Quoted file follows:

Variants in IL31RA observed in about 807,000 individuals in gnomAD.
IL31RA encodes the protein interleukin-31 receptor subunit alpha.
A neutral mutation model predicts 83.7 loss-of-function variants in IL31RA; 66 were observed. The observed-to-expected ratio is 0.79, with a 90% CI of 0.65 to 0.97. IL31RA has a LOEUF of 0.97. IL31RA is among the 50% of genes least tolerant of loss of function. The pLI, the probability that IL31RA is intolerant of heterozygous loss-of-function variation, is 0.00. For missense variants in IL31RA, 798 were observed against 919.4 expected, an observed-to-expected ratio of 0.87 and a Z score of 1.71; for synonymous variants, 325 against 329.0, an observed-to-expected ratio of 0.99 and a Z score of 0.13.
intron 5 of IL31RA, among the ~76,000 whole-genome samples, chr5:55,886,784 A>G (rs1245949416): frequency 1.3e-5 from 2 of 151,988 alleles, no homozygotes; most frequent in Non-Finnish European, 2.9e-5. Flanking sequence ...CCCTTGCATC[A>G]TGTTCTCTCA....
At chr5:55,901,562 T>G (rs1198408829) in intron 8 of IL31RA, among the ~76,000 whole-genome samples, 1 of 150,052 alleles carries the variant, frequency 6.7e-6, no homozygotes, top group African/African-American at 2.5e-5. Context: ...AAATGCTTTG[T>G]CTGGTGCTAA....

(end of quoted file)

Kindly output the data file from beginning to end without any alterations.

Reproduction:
Variants in IL31RA observed in about 807,000 individuals in gnomAD.
IL31RA encodes the protein interleukin-31 receptor subunit alpha.
A neutral mutation model predicts 83.7 loss-of-function variants in IL31RA; 66 were observed. The observed-to-expected ratio is 0.79, with a 90% CI of 0.65 to 0.97. IL31RA has a LOEUF of 0.97. IL31RA is among the 50% of genes least tolerant of loss of function. The pLI, the probability that IL31RA is intolerant of heterozygous loss-of-function variation, is 0.00. For missense variants in IL31RA, 798 were observed against 919.4 expected, an observed-to-expected ratio of 0.87 and a Z score of 1.71; for synonymous variants, 325 against 329.0, an observed-to-expected ratio of 0.99 and a Z score of 0.13.
intron 5 of IL31RA, among the ~76,000 whole-genome samples, chr5:55,886,784 A>G (rs1245949416): frequency 1.3e-5 from 2 of 151,988 alleles, no homozygotes; most frequent in Non-Finnish European, 2.9e-5. Flanking sequence ...CCCTTGCATC[A>G]TGTTCTCTCA....
At chr5:55,901,562 T>G (rs1198408829) in intron 8 of IL31RA, among the ~76,000 whole-genome samples, 1 of 150,052 alleles carries the variant, frequency 6.7e-6, no homozygotes, top group African/African-American at 2.5e-5. Context: ...AAATGCTTTG[T>G]CTGGTGCTAA....